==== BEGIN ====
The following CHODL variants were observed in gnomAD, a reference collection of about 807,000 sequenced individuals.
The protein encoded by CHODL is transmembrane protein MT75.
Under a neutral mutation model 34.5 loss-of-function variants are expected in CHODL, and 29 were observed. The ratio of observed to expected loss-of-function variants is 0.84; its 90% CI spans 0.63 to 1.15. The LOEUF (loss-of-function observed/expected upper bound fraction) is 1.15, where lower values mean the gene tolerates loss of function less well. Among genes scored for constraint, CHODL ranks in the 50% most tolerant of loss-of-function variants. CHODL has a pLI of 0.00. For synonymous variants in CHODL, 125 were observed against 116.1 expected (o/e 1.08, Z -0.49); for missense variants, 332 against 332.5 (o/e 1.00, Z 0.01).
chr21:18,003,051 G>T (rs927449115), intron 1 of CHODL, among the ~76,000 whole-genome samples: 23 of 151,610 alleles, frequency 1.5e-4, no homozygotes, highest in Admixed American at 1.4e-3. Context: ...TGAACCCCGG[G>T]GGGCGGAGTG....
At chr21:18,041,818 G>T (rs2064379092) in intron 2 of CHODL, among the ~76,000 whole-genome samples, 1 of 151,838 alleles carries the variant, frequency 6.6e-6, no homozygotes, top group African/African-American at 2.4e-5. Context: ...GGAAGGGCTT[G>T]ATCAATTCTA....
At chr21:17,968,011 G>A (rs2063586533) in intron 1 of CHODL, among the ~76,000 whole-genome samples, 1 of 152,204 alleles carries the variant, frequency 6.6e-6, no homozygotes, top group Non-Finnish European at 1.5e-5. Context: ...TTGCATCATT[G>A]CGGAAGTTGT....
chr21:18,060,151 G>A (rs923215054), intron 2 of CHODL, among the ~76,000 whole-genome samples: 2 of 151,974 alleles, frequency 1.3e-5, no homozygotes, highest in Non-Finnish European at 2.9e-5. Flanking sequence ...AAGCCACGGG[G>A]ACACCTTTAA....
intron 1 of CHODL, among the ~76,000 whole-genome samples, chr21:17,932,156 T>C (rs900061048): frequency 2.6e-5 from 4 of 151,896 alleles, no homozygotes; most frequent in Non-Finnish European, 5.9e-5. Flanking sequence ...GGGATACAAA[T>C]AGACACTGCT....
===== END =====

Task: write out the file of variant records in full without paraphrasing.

The following CHODL variants were observed in gnomAD, a reference collection of about 807,000 sequenced individuals.
The protein encoded by CHODL is transmembrane protein MT75.
Under a neutral mutation model 34.5 loss-of-function variants are expected in CHODL, and 29 were observed. The ratio of observed to expected loss-of-function variants is 0.84; its 90% CI spans 0.63 to 1.15. The LOEUF (loss-of-function observed/expected upper bound fraction) is 1.15, where lower values mean the gene tolerates loss of function less well. Among genes scored for constraint, CHODL ranks in the 50% most tolerant of loss-of-function variants. CHODL has a pLI of 0.00. For synonymous variants in CHODL, 125 were observed against 116.1 expected (o/e 1.08, Z -0.49); for missense variants, 332 against 332.5 (o/e 1.00, Z 0.01).
chr21:18,003,051 G>T (rs927449115), intron 1 of CHODL, among the ~76,000 whole-genome samples: 23 of 151,610 alleles, frequency 1.5e-4, no homozygotes, highest in Admixed American at 1.4e-3. Context: ...TGAACCCCGG[G>T]GGGCGGAGTG....
At chr21:18,041,818 G>T (rs2064379092) in intron 2 of CHODL, among the ~76,000 whole-genome samples, 1 of 151,838 alleles carries the variant, frequency 6.6e-6, no homozygotes, top group African/African-American at 2.4e-5. Context: ...GGAAGGGCTT[G>T]ATCAATTCTA....
At chr21:17,968,011 G>A (rs2063586533) in intron 1 of CHODL, among the ~76,000 whole-genome samples, 1 of 152,204 alleles carries the variant, frequency 6.6e-6, no homozygotes, top group Non-Finnish European at 1.5e-5. Context: ...TTGCATCATT[G>A]CGGAAGTTGT....
chr21:18,060,151 G>A (rs923215054), intron 2 of CHODL, among the ~76,000 whole-genome samples: 2 of 151,974 alleles, frequency 1.3e-5, no homozygotes, highest in Non-Finnish European at 2.9e-5. Flanking sequence ...AAGCCACGGG[G>A]ACACCTTTAA....
intron 1 of CHODL, among the ~76,000 whole-genome samples, chr21:17,932,156 T>C (rs900061048): frequency 2.6e-5 from 4 of 151,896 alleles, no homozygotes; most frequent in Non-Finnish European, 5.9e-5. Flanking sequence ...GGGATACAAA[T>C]AGACACTGCT....